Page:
Past midway through Lionheart, right before the final act commences, the Obiagus sit for dinner, a scene that’ll go down as one of the most enthralling four minutes in the history of Nollywood filmmaking.
The dinner scene, enhanced strikingly by the lavish exhibition of the Igbo culture, is a terrific, heartwarming display of familial harmony. This spellbinding scene arrests the viewer’s attention with its style, simplicity and the utter disregard for the temptation to simply move the plot along.
With her directorial debut, ageless Nollywood veteran, Genevieve Nnaji, perfectly blends an innocuous plot with a richness of elegance that shines through and stuns in ways not a lot have been able to do in the industry. No wonder Netflix could not resist her charm.
Lionheart tells the story of the Obiagus, a family in the transport business that encounters a financial crisis and has to be saved by the smarts of its heiress, Adaeze (Nnaji) and the understated shrewdness of her uncle, Godswill, played by the magnetic Nkem Owoh.
Lionheart’s ensemble cast itself is dipped in the wealth of experience that could have produced nothing but the exceptional result that’s on display.
Pete Edochie is Ernest, the patriarch who has to sit on the sidelines after a health setback limits him to be nursed back to health by his wife, Abigail, played by the enigmatic Onyeka Onwenu who guards him jealously.
Even though Lionheart’s central plot revolves around the Obiagus’ financial troubles, it’s more about the family’s spirit of togetherness than about its failing business. The movie resonates with viewers because it tackles themes of love, of family and of duty.
Despite her disappointment with her father’s initial decision to not entrust her with the family business, Adaeze, with her mother as her counsel, has to pick herself up and save the family business from wolves in the form of an insider and a business rival.
Kanayo O. Kanayo commands an imposing presence as Igwe Pascal, an opportunistic business rival who’s ready to pounce at the hint of blood. His performance is nothing less than you would demand of a man who’s spent the bulk of his years onscreen being the bad guy.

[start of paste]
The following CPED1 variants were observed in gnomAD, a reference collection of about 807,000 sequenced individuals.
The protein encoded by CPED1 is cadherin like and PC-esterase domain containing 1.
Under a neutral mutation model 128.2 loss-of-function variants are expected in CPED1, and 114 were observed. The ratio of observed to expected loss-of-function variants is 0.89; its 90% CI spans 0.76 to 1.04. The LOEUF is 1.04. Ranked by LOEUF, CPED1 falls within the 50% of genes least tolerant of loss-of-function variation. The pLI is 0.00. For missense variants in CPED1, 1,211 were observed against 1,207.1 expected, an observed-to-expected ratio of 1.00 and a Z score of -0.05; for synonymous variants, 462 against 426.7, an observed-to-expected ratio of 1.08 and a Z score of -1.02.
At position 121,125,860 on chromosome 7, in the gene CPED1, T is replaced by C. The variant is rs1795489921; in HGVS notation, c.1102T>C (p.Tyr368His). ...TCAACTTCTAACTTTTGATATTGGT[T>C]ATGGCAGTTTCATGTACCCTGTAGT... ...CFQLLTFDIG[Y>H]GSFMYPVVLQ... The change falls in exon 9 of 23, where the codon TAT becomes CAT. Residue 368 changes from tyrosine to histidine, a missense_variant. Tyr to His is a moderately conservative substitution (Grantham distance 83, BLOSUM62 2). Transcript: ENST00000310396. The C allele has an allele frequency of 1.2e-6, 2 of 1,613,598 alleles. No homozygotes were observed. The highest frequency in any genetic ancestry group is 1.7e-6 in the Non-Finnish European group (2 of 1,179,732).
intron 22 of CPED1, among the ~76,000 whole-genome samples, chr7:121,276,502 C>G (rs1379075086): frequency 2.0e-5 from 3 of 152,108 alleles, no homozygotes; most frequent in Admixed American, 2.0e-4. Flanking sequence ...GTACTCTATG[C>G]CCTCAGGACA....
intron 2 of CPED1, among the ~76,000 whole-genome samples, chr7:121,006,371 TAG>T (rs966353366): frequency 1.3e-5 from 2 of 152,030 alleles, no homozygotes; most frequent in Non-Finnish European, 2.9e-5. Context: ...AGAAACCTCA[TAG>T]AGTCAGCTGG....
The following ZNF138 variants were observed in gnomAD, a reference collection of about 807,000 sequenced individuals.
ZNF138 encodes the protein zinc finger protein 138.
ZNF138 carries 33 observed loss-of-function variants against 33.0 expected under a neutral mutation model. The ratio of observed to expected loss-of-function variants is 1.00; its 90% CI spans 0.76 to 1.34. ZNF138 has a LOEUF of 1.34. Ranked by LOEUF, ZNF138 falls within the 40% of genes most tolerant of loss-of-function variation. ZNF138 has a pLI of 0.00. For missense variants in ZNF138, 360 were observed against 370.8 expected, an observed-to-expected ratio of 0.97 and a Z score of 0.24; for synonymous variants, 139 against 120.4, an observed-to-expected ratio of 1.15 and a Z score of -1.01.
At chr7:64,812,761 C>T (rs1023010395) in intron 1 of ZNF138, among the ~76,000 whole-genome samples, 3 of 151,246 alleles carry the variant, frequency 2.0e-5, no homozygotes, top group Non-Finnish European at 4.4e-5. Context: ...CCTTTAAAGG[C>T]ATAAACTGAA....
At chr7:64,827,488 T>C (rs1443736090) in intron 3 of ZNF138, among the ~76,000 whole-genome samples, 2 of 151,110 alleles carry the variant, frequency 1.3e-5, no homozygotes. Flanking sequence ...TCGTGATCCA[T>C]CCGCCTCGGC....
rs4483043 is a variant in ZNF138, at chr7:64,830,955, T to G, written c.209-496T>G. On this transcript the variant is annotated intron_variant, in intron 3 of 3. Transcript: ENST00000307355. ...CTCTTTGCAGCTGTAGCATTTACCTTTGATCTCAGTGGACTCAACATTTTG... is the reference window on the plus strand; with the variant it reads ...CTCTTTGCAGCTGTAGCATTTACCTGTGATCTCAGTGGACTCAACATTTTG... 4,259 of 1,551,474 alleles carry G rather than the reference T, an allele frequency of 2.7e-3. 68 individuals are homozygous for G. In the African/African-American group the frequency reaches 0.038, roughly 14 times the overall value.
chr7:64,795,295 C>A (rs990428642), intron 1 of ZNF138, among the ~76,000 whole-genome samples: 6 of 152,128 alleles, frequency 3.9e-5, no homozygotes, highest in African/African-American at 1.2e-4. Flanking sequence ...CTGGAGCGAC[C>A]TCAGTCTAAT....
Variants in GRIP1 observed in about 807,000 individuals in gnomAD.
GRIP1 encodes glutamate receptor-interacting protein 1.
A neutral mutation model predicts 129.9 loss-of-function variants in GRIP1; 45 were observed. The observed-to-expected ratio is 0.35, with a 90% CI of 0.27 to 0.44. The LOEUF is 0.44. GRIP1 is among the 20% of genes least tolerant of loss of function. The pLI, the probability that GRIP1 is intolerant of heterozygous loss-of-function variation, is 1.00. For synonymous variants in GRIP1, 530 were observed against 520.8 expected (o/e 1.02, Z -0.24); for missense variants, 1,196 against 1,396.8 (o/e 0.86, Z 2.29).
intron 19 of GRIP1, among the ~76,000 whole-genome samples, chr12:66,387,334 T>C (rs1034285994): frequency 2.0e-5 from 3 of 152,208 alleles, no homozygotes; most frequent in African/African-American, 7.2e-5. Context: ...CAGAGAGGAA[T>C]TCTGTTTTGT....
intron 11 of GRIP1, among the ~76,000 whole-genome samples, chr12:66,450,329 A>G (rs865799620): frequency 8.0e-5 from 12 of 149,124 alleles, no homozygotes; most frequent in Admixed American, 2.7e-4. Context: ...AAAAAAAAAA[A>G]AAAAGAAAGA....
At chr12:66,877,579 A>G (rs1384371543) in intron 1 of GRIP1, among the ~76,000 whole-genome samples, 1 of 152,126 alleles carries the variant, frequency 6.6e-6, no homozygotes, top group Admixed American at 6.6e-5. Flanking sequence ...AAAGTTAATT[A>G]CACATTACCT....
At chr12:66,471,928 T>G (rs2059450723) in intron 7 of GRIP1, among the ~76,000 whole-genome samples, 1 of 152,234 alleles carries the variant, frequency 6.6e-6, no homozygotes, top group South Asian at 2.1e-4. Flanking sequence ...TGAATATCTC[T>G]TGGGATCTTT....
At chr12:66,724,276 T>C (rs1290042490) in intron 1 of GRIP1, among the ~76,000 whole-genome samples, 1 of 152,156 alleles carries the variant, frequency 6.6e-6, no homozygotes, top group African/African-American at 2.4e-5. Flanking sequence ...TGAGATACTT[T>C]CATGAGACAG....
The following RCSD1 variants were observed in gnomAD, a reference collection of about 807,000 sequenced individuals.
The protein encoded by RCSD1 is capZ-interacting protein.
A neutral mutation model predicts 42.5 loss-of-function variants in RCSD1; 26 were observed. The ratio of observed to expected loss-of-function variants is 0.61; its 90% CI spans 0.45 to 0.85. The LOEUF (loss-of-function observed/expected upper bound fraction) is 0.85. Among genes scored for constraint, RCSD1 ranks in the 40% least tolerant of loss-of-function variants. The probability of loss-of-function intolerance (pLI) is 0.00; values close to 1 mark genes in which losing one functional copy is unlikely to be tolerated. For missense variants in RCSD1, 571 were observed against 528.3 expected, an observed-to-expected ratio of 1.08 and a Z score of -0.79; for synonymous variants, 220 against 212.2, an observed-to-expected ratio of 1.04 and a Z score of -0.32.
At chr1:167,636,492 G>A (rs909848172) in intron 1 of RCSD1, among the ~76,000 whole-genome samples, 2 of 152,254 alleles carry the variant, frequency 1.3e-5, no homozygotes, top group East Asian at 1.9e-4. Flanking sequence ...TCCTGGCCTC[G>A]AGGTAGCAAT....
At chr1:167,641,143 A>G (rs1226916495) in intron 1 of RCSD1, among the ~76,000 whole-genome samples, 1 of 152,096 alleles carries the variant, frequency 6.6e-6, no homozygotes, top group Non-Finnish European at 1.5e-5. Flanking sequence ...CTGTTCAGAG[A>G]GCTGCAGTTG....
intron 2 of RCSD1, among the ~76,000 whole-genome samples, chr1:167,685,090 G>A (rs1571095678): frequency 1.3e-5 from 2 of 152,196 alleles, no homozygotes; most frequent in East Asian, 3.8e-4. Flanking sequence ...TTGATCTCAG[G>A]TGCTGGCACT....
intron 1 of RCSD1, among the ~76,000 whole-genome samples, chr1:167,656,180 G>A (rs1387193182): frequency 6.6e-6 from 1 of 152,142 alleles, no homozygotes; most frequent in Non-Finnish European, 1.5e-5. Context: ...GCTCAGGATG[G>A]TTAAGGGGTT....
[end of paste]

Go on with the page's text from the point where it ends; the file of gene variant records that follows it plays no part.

There are a few chinks in Lionheart’s armour, enough for some to argue that it is incredibly flawed.
Despite having five credited writers (including Nnaji), the central plot could have been better with some much-needed tension, even when it creates the opportunities to explore them. There are moments that could have been better pieced together, the tone is sometimes uneven, and the plot, sometimes, predictable.
However, these chinks only prevent Lionheart from being a perfect movie. They don’t prominently get in the way of its elegance and the viewers’ appreciation of it.
The movie’s incredibly accomplished cast is pivotal to holding it together even when ordinary things are on display. This is what makes the dinner scene so iconic that future generations of Nollywood filmmakers will look to it for inspiration.
Lionheart’s most prominent pairing is Nnaji and Owoh, both with decades of experience between them, and both with the magnetism to weave the magic that the movie requires to shine. Nnaji acting as foil to Owoh’s level-headed comic shenanigans creates a balance that makes their pairing one to be impressed with.
To its credit, Lionheart is strongest in its character moments.
Adaeze’s moments with her mother before the dinner scene and her father after the dinner scene perfectly exhibits Ms Nnaji’s Midas touch with weaving magical moments out of ordinariness.
Lionheart’s generous visual worship of Enugu, where the movie is set, is another notch on its well-acclaimed belt with its bilingual mix a captivating attraction.
The grace and elegance with which Ms Nnaji dramatises Lionheart and decks it in visual splendour is one that the Nollywood crowd would, no doubt, demand more of.
Lionheart’s irresistible appeal cannot possibly be adequately captured in mere words, you’d have to watch it to feel it cast a spell all over you.